‘[T]he family doctor should be a […] leader for a team of health workers who have been assigned a defined population. […] one family physician is working with a family health clinical officer, a family health nurse, […] a nutritionist, a social worker, […] a public health technician, with community health workers […]and they are assuring that [the patients] are optimally healthy. […] anybody who is sick, they already know the condition they have, and they are optimally taken care of.’ (08MO01)

Besides that, different views on what the role of an FP looks like in detail exist. One doctor, for instance, perceives FPs to be able to handle every case, no matter how complicated, whilst another doctor views himself as a gatekeeper who sees the patient first and, in case needed, refers to another specialist.

Two participants feel like they are already practicing FM the way it is supposed to be practiced. Both of them are in charge of a hospital, are seeing patients of all genders and age in the hospital, go to the communities where they treat patients for free if they cannot afford it and educate about preventative aspects:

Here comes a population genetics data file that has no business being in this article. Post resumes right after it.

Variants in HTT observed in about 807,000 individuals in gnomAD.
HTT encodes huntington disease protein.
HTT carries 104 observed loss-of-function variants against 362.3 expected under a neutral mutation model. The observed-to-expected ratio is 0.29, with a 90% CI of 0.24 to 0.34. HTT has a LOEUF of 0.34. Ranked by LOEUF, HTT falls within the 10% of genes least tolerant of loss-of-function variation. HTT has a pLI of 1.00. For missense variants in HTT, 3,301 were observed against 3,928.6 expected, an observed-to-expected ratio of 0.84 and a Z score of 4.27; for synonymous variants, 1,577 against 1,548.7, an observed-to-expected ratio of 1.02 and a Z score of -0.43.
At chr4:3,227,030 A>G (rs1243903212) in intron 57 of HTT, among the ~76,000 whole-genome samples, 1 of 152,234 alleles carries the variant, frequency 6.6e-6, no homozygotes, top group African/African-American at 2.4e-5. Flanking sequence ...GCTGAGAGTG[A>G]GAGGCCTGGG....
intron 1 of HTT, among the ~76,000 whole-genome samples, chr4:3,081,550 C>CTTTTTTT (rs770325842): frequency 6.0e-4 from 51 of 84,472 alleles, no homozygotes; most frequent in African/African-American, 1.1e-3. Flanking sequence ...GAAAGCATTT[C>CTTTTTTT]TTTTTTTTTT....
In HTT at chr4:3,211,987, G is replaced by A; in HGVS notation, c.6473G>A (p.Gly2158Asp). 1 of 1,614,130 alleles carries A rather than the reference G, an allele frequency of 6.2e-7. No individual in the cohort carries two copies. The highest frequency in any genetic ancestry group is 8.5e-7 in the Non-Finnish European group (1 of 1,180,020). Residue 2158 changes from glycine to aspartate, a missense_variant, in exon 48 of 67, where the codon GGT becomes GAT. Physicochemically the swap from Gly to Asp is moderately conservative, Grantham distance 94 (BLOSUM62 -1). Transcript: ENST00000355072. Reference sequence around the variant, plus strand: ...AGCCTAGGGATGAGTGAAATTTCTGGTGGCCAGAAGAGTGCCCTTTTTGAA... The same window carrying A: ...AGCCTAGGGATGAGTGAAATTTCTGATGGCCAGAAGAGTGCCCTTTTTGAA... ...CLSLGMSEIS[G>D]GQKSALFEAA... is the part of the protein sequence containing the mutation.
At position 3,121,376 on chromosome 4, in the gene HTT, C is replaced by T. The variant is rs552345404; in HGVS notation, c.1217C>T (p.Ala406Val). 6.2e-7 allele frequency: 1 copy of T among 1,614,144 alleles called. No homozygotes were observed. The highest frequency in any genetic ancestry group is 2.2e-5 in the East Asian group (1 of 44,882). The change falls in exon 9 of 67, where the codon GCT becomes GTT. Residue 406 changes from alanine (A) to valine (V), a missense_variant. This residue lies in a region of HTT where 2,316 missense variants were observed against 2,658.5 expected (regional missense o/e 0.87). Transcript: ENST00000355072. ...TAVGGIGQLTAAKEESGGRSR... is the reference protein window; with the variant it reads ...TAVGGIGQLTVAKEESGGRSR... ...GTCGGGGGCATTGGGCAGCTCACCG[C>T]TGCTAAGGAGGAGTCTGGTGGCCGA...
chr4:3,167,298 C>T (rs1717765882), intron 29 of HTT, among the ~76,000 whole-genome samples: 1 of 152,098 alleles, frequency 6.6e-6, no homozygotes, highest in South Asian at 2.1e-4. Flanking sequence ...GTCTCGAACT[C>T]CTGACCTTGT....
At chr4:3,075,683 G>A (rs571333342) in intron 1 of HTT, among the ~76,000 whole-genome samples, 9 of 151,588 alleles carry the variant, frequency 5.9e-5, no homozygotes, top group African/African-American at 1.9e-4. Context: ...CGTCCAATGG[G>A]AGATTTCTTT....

‘For every month twice, I have to go to the community with a team of doctors, students, and nurses. We treat people for free. In the villages, in the marketplaces, in the church. We take advantage of any place where people might possibly meet. […] Now because they know the doctor is part of the village, he visits them, he talks with them, he goes to their local church, he brings medicine to them in the local market. They feel happy going to seek services from such a doctor.’ (10MO03)


Although FM has been defined by the Kenyan Ministry of Health, the main current challenge is the lack of understanding of how FM should look like in practice. Neither policy makers, patients and doctors of other medical disciplines, nor FPs themselves have a common understanding where to place an FP within the Kenyan health system. Therefore, one of the next major steps is to include all important stakeholders to write realisable FM policies. For doing so, approaches of FPs who already feel like they are practicing FM the way it is supposed to be practiced can be compared.

The low numbers of FPs have already been identified as a challenge in a study in 2012.3 Having been able to graduate only 42 FPs in 14 years is far too low. Further research should investigate the number of FPs needed, the reasons for the continuously low numbers of trainees, and come up with solutions to tackle the problem. Advocacy for FM could be one possible solution to it because doctors do not apply for the FM master’s programme if they do not know what it is.